What are some challenges specific to barbecue in this kind of environment? Naturally, it’s generally a time-intensive process compared to, say, burgers. And brands have historically struggled to scale because of regional preference and difficultly predicting supply. What has that looked like during COVID?

The biggest thing that affected me was whole hog cooking, that was the gut punch. We had to go to cooking half hogs and at a few locations, or just shoulders, because we didn’t have the guest count needed to exhaust it. I don’t like cooking half hogs—it’s more of a romantic preference than quality. I don’t just reheat stuff until I’ve gotten rid of it, I sell it that way and that’s it. My cooking philosophy didn’t change because of the pandemic. When you start getting desperate and passing those inefficiencies to guests, that’s cancerous. But my hog farmers felt it, and then you get into supply chain issues. We buy from 21 hog farmers who’ve got hogs on the ground and I didn’t have an answer for them.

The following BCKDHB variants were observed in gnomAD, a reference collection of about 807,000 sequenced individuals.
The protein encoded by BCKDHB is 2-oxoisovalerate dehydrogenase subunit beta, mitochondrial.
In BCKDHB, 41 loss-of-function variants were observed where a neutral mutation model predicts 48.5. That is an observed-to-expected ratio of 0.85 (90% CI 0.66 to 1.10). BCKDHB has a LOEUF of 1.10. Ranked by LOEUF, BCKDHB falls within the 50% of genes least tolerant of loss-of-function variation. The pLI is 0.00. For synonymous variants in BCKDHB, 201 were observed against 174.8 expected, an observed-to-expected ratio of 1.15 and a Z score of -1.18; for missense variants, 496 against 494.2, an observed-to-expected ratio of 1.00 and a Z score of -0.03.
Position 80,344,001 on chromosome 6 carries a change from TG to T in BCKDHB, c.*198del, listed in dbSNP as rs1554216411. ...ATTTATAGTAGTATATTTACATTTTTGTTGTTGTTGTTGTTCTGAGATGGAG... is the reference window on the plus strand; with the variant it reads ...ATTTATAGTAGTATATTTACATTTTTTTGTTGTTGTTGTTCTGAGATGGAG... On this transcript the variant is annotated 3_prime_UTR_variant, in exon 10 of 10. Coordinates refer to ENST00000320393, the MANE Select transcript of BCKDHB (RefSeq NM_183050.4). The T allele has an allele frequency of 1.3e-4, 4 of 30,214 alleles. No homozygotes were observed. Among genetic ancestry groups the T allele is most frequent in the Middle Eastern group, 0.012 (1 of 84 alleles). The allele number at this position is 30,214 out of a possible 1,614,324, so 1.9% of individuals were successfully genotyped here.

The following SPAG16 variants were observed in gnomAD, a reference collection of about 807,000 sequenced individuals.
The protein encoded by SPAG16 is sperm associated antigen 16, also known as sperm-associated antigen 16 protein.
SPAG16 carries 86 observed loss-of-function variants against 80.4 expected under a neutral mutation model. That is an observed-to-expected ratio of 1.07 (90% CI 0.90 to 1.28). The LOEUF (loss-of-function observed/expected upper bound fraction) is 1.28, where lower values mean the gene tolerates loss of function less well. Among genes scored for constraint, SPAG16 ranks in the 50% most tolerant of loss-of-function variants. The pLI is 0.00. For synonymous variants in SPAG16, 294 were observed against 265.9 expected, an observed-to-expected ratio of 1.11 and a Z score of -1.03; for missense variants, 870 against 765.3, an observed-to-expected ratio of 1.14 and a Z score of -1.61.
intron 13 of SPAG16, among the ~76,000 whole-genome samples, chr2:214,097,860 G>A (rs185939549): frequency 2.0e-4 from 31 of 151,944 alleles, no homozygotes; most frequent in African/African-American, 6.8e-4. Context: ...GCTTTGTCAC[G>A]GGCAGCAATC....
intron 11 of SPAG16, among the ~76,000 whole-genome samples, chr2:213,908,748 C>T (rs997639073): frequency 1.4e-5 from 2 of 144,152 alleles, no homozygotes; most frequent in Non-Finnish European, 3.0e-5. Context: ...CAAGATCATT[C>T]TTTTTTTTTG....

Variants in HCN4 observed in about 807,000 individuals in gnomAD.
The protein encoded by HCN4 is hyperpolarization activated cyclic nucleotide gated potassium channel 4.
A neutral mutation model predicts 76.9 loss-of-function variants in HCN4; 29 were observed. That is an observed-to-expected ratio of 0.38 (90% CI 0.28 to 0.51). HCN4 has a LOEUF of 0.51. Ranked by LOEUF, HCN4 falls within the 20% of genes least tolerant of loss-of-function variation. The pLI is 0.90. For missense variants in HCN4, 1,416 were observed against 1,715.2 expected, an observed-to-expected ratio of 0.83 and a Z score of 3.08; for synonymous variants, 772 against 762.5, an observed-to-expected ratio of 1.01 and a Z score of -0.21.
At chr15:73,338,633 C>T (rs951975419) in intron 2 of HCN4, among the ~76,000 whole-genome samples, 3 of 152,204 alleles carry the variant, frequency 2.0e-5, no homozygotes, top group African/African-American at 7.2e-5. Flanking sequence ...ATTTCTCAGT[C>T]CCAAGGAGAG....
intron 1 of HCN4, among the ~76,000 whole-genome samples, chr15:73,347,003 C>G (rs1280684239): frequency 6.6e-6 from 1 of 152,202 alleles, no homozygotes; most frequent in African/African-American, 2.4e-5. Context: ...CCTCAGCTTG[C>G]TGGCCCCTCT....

The other stuff really isn’t an issue because we are very, very analytical on using simple math to calculate how much to produce for each day. People’s retail habits are very consistent through days of the week and seasonality. Monday is a Monday; Saturday is a Saturday. We had to take a month to re-rack the trends and figure out what the volumes were.

How did you navigate the national beef shortage?